Paul R. Lawrence is Donham Professor of Organizational Behavior at the Graduate School of Business Administration of Harvard University.
Changing of Organizational Behavior Patterns: A Case Study of Decentralizationby Paul R. Lawrence, Robert T. Golembiewski
Many companies today are either undergoing drastic organizational changes or are faced with the prospect of having to make these changes in the near future. The need for change may arise from internal sources—growth in the size of the company, the problem of aging—or, more frequently, from external sources: changes in the nature of markets, in the
Many companies today are either undergoing drastic organizational changes or are faced with the prospect of having to make these changes in the near future. The need for change may arise from internal sources—growth in the size of the company, the problem of aging—or, more frequently, from external sources: changes in the nature of markets, in the technology of the industry, or even cultural beliefs about the “proper” rewards of work and behavior for employers and employees. This book is concerned with the process of change by which organizations achieve their purposes and meet the needs of their individual and group contributors.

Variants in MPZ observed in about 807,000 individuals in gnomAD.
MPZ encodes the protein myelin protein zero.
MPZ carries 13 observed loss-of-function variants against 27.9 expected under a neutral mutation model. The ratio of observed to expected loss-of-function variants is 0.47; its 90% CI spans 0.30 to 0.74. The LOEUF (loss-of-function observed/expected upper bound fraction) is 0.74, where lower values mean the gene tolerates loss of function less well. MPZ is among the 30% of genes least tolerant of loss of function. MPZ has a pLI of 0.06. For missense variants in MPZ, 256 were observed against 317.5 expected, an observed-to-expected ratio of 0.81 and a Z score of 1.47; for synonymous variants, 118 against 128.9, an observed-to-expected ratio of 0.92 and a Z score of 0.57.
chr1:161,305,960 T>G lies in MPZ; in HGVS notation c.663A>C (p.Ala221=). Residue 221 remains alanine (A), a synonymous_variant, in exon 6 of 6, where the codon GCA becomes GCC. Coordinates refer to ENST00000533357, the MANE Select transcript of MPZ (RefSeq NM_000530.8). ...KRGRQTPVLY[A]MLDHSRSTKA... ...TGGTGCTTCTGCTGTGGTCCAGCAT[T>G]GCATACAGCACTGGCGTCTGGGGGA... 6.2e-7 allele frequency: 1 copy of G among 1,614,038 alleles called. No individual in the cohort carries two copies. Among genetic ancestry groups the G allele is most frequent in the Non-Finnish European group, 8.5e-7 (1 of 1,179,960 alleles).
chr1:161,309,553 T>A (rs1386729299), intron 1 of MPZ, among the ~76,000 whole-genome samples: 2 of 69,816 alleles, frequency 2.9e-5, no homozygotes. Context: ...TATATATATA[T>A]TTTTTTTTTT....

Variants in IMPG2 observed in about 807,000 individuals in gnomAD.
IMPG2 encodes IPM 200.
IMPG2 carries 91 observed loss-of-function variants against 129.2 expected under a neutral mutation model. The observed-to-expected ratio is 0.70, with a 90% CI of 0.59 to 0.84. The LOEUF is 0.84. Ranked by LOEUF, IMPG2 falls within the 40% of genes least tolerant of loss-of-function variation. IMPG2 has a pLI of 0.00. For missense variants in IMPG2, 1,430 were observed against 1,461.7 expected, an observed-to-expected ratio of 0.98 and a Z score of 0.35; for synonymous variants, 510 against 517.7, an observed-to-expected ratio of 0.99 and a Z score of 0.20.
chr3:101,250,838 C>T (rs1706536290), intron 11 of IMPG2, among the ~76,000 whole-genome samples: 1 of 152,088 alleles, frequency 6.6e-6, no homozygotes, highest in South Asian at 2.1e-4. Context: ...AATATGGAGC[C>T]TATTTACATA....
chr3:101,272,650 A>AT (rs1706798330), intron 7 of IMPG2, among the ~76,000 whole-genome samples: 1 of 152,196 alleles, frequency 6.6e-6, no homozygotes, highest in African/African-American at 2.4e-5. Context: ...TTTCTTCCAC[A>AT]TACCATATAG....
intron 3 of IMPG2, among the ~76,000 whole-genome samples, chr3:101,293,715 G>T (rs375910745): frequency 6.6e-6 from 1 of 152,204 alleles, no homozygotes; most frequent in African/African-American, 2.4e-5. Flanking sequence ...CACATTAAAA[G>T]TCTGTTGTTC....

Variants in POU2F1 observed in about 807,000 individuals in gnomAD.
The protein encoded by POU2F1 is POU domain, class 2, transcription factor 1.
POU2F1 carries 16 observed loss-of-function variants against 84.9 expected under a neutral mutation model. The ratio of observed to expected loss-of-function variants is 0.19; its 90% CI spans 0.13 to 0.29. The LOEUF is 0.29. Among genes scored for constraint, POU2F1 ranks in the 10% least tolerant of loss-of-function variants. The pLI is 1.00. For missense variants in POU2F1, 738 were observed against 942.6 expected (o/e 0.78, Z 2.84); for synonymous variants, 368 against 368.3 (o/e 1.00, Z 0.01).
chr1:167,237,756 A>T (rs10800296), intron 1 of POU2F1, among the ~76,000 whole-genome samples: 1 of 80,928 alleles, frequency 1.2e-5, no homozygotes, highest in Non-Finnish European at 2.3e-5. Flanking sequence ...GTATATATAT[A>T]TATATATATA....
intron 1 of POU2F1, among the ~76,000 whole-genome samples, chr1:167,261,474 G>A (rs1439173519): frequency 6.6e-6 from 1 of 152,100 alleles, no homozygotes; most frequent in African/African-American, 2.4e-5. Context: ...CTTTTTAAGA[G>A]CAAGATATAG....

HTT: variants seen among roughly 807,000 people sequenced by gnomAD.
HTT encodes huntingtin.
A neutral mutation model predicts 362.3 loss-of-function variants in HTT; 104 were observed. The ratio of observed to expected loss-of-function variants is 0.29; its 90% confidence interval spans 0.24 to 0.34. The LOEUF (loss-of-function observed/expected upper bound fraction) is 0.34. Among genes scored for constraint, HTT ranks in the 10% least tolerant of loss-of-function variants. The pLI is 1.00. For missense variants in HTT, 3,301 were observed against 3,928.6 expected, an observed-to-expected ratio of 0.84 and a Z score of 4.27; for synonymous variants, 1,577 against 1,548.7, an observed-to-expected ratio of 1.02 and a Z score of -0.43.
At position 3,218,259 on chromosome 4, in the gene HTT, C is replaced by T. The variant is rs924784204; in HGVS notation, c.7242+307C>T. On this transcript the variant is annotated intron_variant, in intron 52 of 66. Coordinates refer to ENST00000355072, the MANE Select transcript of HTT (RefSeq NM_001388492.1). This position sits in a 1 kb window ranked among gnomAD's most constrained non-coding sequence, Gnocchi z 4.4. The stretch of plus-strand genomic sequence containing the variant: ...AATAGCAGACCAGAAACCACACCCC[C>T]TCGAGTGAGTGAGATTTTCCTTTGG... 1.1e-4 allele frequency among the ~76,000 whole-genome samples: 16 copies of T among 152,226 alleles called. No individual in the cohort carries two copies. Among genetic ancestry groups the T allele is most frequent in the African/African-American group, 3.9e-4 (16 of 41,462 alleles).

Lawrence’s study is centered on a medium-sized supermarket chain in which several important management functions were being shifted from the home office to newly created store managers. The origin and reasoning behind these organizational changes, the methods of introducing them, the process of shifting the roles of key individuals, and the consequences of the changes are considered in detail. The author’s inquiry proceeds from four essential research questions: What is the nature of the basic behavior patterns in this organization? What are the key factors involved in changing those patters? Did significant measurement change occur? If so, how was it accomplished.
This volume, first published in 1958, broke new ground in devising techniques to measure changes in behavior patterns of individuals, in focusing attention on the behavior patterns of individuals at the management levels of an organization, and in clarifying the stubborn facts of human behavior involved in changing administrative patterns. The book will be of continuing interest to managers and administrators concerned with making key changes in customary supervisory practices and to sociologists for the way the book addresses the general issue of the conflicts between the shifting demands of large organizations and the integrity of the individual. The new 1990 introduction by the author nicely illustrates his belief that the process of organizational change remains a central issue for American society.
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